Style and Those What Has Iton September 5, 2011 at 6:51 pm
Okay. Some of you said Jim, some said Alex, maybe a few said neither, but I suspect most of you said, “They’re both great. They’re just different.” Fair enough, but what makes them different? Well, you say their styles are different. So, the question, as it applies to comic art, is why do we react to certain art styles the way we do?
Style, according to the gigantic Random House Dictionary I inherited from my Dad, is defined as “a particular kind, sort, or type, as with reference to form, appearance, or character.” In other words, the way it looks compared to other examples of the same type of work. But why does the style of one artist excite us, emotionally resonate with us, so we seek out other work by this artist and look forward to what they do next? Conversely, why does the work of this same artist leave someone else cold and may even generate an animosity toward the artist, even though they’ve never met?
This is a fascinating subject to me and I’ve studied it most of my life, but I have to confess I don’t have the answers to these questions. I don’t know that anyone has. But, while I don’t have answers, I have uncovered a few facts, or constants.
Fact One: Just because you don’t like the style of an artist doesn’t mean they’re a bad artist. You’re reacting to how they draw, not what they draw. A prime example of this can be found by firing up the ol’ Retrospectroscope and looking back to the early days of Marvel Comics. I suspect there were a lot of fans who denigrated the work of Don Heck during that period. But, really, what Mr. Heck was guilty of was not being Jack Kirby. None of us are. In fact if you look at Don Heck’s work, especially when he was allowed to ink himself, you’ll find he was a very stylish, solid storyteller. On top of that, when he inked Kirby’s pencils, he added a very pleasant veneer that wouldn’t have been there otherwise.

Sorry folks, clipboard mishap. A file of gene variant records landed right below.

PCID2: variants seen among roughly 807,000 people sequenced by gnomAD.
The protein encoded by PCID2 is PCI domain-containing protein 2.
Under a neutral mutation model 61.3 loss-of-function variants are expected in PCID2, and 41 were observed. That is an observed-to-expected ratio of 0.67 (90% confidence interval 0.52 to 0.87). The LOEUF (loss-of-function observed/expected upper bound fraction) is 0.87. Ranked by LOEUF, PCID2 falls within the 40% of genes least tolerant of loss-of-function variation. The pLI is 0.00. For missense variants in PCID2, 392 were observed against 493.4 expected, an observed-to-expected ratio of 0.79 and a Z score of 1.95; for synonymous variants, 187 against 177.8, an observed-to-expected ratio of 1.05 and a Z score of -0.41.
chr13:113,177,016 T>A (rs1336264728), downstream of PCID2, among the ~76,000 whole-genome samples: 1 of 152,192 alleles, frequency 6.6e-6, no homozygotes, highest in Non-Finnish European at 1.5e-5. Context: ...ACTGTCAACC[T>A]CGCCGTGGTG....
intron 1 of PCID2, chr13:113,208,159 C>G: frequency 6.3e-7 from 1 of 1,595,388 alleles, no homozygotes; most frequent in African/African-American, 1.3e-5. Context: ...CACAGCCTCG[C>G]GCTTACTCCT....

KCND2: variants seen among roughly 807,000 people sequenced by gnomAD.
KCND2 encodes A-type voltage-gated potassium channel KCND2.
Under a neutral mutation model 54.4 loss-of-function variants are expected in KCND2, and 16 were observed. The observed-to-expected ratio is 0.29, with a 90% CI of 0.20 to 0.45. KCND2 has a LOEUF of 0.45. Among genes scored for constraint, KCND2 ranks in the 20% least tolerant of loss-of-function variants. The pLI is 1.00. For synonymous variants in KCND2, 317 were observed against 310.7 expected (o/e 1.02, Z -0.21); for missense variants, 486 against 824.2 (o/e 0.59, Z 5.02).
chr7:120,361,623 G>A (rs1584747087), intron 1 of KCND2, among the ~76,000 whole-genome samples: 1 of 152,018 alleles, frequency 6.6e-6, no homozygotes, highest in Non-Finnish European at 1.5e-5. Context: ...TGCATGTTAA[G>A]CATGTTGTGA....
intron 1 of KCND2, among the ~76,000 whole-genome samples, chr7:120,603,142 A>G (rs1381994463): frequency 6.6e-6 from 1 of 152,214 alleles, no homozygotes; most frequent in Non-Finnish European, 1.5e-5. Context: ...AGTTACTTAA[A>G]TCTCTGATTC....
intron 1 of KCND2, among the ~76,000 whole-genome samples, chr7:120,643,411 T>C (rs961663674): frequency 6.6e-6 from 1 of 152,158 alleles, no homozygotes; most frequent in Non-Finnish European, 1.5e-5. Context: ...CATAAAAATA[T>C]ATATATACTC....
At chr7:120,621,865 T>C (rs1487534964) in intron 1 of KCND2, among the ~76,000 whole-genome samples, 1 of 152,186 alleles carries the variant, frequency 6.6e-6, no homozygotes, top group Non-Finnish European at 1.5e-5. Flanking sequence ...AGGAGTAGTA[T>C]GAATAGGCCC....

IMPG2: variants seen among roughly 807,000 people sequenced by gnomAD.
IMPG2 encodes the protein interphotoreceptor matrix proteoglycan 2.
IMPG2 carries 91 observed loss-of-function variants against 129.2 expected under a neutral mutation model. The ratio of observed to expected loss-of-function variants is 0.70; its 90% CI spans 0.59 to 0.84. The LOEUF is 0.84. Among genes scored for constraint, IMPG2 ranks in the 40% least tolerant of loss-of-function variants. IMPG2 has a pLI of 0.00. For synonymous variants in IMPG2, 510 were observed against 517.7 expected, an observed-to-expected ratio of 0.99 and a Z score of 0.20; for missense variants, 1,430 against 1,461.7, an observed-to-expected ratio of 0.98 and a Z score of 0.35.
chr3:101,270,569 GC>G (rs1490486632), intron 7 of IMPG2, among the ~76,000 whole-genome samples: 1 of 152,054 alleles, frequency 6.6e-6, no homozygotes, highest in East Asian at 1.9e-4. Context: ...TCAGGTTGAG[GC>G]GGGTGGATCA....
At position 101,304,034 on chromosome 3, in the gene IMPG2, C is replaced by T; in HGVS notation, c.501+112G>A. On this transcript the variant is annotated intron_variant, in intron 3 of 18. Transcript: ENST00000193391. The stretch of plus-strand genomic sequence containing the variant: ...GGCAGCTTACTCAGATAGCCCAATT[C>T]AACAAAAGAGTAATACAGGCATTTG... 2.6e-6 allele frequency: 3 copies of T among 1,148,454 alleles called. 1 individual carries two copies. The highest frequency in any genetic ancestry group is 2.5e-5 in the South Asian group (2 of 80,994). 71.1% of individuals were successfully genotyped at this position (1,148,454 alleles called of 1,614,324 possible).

You can find examples of this throughout the history of comics. If someone doesn’t draw like your favorite artist they’re relegated to the Dungeon of Bad Artists. Take a second look. You may be surprised.
Fact Two: The Devil is in the details. Whether we react favorably or not to an art style it’s usually because of the little things. Jack Kirby was, is, and always will be, The King of Comics. His contributions to the visual language of the medium cannot be overstated. Yet, there are a lot of fans who don’t like his work. When asked why they’ll usually say something like, “He draws those square fingers.” Or, “His anatomy is all wrong.” Or ,“He draws those random squiggles on arms and legs.” While all these things are true, they’re missing the Big Picture. Kirby created an illusion of movement on the page that very few have been able to replicate. His drawings are packed with drama and emotion. He made the comic book page seem larger that it really was and, for my money, he’s never been outdone in staging the most energetic, kinetic, action scenes in the history of the medium.